Employee 1: Hey, whatever happened to Joe from IT?
Employee 2: Who?
Employee 1: You know, Joe! The one that got that big signing bonus when he joined last month …
Employee 2: Oh yea! He was telling us what he bought with the bonus during happy hour last week.
Employee 1: Yea, I wonder where he went? Do you think he had to pay his bonus back? I’m gonna find him on LinkedIn and ask …
Ever had a similar conversation with a coworker?
In the fast-paced world of corporate life, change is inevitable. New hires, departures, or promotions, organizations must adapt and evolve to thrive. And with the average rate of voluntary employee turnover 3X employee terminations (17.3% vs 4.8%) … this is happening quite frequently these days.
But what happens when an employee decides to walk away from a new job AND they take their sign-on bonus with them - leaving a trail of consequences in their wake?
Let's talk about Joe, who left his company pretty quickly after joining, and explore the ripple effect it had on colleagues, morale, HR – shining a light on the overall effectiveness (or lack thereof) of his company’s compensation.
The Joe Saga
Joe was an impressive addition to the company, offering technical skills and experiences that promised to enrich the team and contribute to the organization's growth. His sign-on bonus was a substantial enticement, a gesture of goodwill from the company to welcome him aboard. But the excitement and promise that came with his arrival quickly turned into disappointment as Joe decided to leave the company before the agreed-upon sign-on period.
Seeds of Discontent
When Joe left, his colleagues were shocked. They welcomed him into the fold, and his sudden departure shook their sense of stability and camaraderie. Many began to question their own commitment to the company and whether they should also explore other opportunities. Joe's abrupt exit planted seeds of discontent among his peers, and it began to affect team dynamics and productivity.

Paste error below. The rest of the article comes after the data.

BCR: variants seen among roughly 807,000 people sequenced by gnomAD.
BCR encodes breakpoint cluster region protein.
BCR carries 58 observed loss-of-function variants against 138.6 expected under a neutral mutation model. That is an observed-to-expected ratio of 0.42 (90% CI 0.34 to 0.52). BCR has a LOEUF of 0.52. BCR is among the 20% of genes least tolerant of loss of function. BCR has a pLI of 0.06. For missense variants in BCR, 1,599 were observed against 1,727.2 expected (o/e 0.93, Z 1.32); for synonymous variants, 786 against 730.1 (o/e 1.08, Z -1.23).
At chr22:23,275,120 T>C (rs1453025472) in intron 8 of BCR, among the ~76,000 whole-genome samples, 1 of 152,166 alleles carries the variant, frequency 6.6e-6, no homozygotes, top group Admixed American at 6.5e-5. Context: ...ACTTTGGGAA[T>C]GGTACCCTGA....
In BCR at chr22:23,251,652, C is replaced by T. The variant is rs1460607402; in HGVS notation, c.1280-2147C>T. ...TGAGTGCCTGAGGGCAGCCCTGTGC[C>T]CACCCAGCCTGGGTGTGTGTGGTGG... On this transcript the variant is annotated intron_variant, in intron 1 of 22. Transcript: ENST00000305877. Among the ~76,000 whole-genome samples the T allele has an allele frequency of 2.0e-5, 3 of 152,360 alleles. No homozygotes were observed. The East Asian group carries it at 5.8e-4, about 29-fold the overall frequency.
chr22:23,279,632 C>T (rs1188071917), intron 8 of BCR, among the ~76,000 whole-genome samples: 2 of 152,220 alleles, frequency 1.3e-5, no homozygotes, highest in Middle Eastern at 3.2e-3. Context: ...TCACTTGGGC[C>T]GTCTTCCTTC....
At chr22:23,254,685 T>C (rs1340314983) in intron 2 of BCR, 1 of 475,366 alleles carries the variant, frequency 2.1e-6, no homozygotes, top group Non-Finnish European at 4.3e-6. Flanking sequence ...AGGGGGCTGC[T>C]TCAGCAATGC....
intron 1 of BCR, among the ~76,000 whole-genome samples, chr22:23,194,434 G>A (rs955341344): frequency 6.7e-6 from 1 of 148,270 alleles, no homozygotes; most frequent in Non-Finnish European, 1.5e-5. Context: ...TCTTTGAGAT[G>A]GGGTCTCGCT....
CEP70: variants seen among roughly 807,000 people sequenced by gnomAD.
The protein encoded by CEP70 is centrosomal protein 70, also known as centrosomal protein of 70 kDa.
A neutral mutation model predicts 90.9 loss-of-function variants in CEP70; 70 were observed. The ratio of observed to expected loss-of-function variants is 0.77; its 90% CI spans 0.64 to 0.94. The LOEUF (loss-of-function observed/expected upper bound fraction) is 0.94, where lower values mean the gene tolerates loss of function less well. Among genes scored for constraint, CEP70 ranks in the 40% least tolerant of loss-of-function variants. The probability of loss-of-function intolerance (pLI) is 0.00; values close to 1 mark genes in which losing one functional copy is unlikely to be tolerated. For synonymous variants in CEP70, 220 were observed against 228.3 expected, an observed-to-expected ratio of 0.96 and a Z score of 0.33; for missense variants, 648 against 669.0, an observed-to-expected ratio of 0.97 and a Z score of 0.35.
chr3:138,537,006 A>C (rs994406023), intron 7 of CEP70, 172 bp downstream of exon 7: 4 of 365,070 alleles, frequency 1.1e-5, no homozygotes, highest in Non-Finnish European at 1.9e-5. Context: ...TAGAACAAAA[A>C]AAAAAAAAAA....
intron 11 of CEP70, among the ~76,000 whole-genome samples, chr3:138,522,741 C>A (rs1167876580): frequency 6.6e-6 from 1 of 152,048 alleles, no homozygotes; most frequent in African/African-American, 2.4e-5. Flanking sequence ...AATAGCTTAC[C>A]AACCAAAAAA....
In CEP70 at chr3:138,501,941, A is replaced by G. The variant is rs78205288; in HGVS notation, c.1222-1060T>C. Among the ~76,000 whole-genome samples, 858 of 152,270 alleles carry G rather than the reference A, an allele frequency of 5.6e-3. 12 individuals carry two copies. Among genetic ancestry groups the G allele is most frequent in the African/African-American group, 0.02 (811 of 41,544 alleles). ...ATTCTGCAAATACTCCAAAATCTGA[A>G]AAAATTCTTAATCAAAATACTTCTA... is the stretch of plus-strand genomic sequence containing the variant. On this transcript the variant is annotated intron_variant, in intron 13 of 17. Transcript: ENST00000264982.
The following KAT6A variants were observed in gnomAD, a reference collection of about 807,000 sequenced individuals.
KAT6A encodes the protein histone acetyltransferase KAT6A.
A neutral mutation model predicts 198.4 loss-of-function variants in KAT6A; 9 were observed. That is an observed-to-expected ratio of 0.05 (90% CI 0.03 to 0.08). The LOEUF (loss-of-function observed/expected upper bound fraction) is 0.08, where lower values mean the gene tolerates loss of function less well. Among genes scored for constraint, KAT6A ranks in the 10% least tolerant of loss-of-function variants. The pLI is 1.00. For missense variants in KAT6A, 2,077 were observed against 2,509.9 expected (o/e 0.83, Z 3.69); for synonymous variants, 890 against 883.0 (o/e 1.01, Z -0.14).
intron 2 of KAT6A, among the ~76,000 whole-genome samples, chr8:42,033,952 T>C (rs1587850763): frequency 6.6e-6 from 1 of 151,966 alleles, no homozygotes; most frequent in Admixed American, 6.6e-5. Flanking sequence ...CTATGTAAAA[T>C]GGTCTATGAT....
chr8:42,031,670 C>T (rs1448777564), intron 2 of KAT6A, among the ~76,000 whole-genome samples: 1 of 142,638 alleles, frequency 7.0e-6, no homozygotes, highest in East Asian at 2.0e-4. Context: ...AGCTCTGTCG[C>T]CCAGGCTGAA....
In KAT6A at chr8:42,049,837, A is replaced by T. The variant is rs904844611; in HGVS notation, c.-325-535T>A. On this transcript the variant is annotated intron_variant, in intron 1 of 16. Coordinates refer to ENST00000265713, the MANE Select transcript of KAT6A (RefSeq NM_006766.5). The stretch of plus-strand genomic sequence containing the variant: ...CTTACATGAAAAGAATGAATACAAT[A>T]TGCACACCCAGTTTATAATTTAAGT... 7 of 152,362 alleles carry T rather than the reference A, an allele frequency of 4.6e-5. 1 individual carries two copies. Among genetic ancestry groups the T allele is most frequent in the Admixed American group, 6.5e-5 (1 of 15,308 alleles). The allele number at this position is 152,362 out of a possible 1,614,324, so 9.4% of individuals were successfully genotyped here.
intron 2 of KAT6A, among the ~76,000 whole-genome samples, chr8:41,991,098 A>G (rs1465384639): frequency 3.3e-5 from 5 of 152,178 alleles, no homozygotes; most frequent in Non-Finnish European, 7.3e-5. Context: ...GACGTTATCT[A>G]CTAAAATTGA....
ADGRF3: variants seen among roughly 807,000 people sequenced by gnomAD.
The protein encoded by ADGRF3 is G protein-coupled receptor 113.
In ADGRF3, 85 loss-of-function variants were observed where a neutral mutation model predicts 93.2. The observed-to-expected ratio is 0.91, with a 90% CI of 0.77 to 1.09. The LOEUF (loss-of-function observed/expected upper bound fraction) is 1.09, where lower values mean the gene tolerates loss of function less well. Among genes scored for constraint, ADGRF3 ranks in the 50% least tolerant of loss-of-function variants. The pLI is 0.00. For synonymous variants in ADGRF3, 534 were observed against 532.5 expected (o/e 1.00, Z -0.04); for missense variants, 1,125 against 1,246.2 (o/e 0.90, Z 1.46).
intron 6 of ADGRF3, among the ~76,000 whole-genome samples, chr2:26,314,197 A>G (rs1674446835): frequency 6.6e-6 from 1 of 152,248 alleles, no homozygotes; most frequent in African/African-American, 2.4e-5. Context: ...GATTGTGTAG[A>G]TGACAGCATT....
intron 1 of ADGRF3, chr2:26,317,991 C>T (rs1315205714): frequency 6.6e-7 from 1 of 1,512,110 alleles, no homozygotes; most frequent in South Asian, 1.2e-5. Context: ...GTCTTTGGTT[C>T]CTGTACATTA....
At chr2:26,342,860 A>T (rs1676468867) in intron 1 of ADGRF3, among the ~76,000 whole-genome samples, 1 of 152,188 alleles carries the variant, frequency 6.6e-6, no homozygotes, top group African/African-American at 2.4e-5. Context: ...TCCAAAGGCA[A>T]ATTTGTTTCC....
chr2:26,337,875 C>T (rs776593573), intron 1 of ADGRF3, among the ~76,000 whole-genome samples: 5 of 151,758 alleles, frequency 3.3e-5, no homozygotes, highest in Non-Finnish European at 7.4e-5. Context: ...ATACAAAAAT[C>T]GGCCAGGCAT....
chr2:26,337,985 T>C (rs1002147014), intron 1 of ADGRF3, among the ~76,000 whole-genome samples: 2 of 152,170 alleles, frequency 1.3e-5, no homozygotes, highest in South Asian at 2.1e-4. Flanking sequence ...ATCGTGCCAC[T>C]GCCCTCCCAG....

The impact of Joe leaving went beyond just his immediate team. It cast a cloud of uncertainty over many of his colleagues and morale took a hit. Employees began to doubt the company's commitment to its workforce. They wondered if loyalty and hard work truly paid off when someone like Joe could walk away with a hefty sign-on bonus in tow.
Perpetual Resource Drain
For the HR team, Joe's departure was more than an inconvenience or worry; it was a full blown migraine. They had to start the hiring process all over again. This involved sourcing new candidates, going through the recruitment process, conducting interviews, and negotiating new sign-on bonuses. This consumed a significant amount of time and resources. The company had to reinvest in recruiting and onboarding - on top of the productivity losses they suffered from his absence (most HR experts agree that onboarding takes at least 3 months for new hires).
Moral of the Story
Joe is a reminder of the importance of employee commitment, ongoing engagement, and effective (retention-driving) compensation. Employees and employers enter into agreements, both formal and informal, when they embark on a professional relationship. For organizations to thrive, they need employees who are dedicated, invested, and constantly engaged. The departure of employees like Joe sends a negative message to the rest of the workforce, raising questions about loyalty and company values.
At the same time, employers need to think proactively about their compensation and how to increase its value and effectiveness. If new employees are leaving and taking cash with them, it’s tanking the ROI of that compensation for the company.
Employers looking to deliver more effective bonuses that drive employee engagement and retention should learn more about smart bonuses from Keep FInancial.